Books written by Ray Sullivan

Thursday, 7 March 2013

Microsoft Far From Board

On of the strings to my varied career bow is as a technical trainer, a skill honed in the white hot furnace of the Royal Air Force's technical training schools at RAF Halton and RAF Cosford.  In my early instructional career I was mentored by a number of more experienced instructors who, in their turn, had benefited from other mentors.  Such is the manner in which fine traditions and expertise are passed on.

One of my mentors, previously a military instructor but a civilian by the time I met him, had some neat tricks. One was using the chalk board - yes, we're going that far back - and preparing it for a hydraulics session by drawing the circuit he was going to teach very carefully and almost invisibly in faint chalk lines that the students in the front row couldn't see. As he built his circuit up, using Deductive Reasoning, which was the airforce's preferred method of teaching, he would draw a perfect circuit with seemingly sweeping but accurate waves of his arm.  He also used a sneaky technique of gripping two sticks of chalk together in such a way that when he did his sweep for hydraulic lines he drew two parallel chalk lines to represent pipes.  Two red lines for pressure lines, two green for return.

He explained to me that he'd learned these techniques and many other fine tricks of the trade from one of his mentors, also a civilian who I unfortunately never got to meet as he'd been long retired by the time I entered that world.

My mentor described fondly the first lesson he'd sat in, as a corporal waiting to go on his instructional techniques course, when his mentor shuffled in, a balding, aged man in a dusty tweed jacket.  The lesson was the first hydraulics session for a bunch of testosterone laden seventeen year old apprentices, who in the way of that age group ignored the shuffling old man who bumbled down the room to the front.  They totally ignored the new Corporal as well, correctly identifying that he was outside of his comfort zone and continued to make a cacophony as the old civilian approached the chalkboard.

A few of the apprentices stopped making a row and started to watch as the old man picked up a stick of chalk and calmly drew a hook on one side of the chalkboard.  More started to watch, if only out of curiosity, as he put the chalk down and took his jacket off.  When he hung his jacket on the hook the room fell to silence and from that point on the kids ate out of his hands.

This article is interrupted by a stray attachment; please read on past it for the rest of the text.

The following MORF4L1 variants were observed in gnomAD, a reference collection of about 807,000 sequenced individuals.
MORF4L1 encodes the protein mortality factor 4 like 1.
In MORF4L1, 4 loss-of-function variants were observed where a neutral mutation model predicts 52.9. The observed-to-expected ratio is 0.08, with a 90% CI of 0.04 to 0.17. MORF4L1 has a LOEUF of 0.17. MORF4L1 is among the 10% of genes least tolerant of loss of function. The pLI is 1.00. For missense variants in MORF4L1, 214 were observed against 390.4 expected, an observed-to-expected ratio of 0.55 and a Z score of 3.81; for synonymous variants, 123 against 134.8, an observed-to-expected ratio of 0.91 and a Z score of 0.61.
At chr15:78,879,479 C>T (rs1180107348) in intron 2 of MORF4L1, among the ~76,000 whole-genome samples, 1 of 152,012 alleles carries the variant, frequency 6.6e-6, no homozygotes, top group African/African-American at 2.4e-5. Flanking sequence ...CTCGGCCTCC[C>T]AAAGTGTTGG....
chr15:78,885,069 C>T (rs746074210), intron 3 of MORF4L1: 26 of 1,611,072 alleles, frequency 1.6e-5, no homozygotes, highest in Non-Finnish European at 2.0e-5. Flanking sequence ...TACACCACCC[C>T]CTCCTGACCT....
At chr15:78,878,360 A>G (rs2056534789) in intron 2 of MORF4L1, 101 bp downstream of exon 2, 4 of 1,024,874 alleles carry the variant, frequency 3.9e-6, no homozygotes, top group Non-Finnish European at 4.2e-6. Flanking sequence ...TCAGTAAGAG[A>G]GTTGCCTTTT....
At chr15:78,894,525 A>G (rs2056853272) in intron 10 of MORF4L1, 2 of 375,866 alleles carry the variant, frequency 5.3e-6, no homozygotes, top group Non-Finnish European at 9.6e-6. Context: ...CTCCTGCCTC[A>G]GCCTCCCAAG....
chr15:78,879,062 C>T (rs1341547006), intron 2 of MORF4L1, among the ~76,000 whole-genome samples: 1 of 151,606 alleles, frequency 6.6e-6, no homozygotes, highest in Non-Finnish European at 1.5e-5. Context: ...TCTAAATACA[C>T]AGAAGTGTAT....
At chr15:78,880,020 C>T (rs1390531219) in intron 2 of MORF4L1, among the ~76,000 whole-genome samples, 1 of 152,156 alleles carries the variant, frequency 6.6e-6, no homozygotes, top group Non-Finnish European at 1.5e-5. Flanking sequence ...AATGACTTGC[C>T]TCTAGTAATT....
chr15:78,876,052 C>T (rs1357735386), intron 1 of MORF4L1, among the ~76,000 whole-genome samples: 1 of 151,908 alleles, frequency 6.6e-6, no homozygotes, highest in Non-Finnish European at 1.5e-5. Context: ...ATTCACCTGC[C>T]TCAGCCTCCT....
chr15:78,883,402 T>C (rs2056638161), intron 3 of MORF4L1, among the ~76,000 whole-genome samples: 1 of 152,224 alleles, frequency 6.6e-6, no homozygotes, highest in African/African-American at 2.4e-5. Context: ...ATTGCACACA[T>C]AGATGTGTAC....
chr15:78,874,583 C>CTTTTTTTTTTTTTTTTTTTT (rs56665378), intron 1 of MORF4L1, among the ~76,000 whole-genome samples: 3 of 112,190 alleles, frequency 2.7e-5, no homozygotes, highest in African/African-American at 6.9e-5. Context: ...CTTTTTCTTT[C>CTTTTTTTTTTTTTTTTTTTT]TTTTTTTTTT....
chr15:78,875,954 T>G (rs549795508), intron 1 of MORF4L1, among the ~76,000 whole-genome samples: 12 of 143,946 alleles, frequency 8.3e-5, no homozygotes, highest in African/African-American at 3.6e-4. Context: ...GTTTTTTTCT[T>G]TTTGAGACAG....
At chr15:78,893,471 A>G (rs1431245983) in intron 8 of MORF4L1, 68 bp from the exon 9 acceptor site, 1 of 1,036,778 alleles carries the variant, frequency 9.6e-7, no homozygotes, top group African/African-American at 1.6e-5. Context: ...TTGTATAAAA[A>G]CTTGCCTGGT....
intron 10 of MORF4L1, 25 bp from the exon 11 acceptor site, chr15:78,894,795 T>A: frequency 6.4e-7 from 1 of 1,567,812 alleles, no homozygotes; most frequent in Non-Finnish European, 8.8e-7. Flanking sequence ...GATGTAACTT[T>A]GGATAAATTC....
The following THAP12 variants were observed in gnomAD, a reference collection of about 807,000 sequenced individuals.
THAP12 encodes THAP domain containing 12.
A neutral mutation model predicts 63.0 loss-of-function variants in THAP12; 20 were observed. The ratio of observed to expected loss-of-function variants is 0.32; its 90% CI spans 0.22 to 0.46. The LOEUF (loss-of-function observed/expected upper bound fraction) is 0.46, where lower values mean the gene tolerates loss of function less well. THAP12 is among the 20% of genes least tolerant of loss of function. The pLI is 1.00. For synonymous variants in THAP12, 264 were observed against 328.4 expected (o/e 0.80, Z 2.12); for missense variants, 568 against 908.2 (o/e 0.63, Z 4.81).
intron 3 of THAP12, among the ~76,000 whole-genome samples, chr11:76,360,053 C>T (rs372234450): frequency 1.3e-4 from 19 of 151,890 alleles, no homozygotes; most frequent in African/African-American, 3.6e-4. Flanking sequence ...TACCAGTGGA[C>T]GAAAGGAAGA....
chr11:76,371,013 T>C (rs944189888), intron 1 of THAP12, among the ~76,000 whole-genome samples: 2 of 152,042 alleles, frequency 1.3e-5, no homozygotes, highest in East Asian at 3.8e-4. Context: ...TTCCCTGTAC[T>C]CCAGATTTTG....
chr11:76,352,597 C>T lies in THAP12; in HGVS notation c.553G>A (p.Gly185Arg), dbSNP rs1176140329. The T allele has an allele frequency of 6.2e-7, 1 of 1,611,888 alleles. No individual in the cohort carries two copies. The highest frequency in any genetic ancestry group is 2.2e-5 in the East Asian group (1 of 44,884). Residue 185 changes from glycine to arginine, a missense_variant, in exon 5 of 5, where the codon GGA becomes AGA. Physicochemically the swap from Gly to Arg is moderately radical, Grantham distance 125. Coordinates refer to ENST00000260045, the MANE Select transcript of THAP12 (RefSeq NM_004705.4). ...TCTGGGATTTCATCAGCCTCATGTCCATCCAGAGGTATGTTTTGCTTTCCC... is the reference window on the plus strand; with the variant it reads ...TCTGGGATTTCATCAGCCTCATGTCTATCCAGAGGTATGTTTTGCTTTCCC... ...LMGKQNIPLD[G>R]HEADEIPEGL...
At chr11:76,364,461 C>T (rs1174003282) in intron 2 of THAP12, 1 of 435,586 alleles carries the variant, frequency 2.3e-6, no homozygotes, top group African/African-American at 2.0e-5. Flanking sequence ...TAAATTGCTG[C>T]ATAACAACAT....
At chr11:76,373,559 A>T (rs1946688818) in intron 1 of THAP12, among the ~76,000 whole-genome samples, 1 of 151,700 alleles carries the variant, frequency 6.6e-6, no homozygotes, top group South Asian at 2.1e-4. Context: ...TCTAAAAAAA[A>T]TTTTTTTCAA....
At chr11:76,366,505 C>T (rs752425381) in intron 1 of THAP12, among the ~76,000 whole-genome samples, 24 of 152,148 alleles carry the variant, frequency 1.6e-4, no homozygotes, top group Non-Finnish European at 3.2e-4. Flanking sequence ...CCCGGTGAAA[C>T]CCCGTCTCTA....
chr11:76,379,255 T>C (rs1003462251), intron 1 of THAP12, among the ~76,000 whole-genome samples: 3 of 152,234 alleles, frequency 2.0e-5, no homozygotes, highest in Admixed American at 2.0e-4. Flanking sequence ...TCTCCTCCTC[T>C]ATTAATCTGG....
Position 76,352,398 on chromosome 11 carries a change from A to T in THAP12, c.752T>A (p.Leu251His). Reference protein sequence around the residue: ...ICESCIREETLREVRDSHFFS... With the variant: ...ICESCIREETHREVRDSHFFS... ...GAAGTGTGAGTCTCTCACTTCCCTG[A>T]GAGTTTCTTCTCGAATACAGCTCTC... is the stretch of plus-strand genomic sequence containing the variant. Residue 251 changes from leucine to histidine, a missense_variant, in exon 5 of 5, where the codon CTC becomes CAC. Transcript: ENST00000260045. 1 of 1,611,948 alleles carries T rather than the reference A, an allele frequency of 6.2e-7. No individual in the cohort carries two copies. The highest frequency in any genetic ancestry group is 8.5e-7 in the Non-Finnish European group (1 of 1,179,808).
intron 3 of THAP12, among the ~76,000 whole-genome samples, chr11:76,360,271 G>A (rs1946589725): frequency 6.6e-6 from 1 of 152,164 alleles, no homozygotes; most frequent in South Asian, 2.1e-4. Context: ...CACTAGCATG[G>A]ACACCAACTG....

I never pulled that trick, partly because chalkboards were on the way out when I started teaching and it isn't as easy to do on a whiteboard, mainly due to the metal or plastic frame.  (If you haven't guessed, the instructor had knocked a nail into the edge of the chalkboard's wooden frame before the lesson started).  But I did learn that preparation is everything and the way to get people to learn is to make the lesson enjoyable, make it a show they remember.

That's why, when PowerPoint became the presentation method of choice, I decided to go for less is more.  I shunned the approach we have all experienced, with slide after slide filled with text, being read to a bored audience who in the main have read ahead, spotted the typos and guessed the one-line gags.  My preference is to go for a few images - photos, bar charts and perhaps a single word, then I talk around what is on the screen.  I still prefer drawing images on a whiteboard after dragging ideas out of students rather than force feeding them ideas on a screen, even when I'm teaching software systems.  When teaching hydraulics I did, out of necessity, have to utilise a larger number of slides as I built up undercarriage circuits, but I always got the students to work out what was coming next, using the good old Deductive Reasoning Method.

But white boards and PowerPoint have their individual limitations that have only been addressed partially over the years.  However, since 2006 Microsoft have been pumping serious money into presentational equipment that they are just starting to reveal.  They are aiming to show off a self sketching interactive whiteboard, codenamed Sketchinsight, at Techfest, an annual demonstration by Microsoft of R&D projects.  Annually Microsoft are investing just shy of $10 billion a year on R&D and  this is one project that is still some years away from becoming reality.

From early reports the Sketchinsight will allow really innovative presentational and instructional methods to be employed.  Pop the monthly production and sales figures on the board and bar charts will draw themselves; pull a series of numbers from a class of students, scribble them down on one side and a routine will graph them and  arrange them into mean, modal and median averages on screen.  Draw a crude hydraulic pump symbol and it will be replaced by a professional ISO symbol, a few deft lines will rearrange into a full hydraulic circuit.

I expect that if a carefully drawn symbol is sketched on the screen then it could be easily replaced by a clip art image of a hook, which in turn could be pushed to any place on the screen.

But you still can't hang your jacket off it.  Even Microsoft haven't worked that one out.


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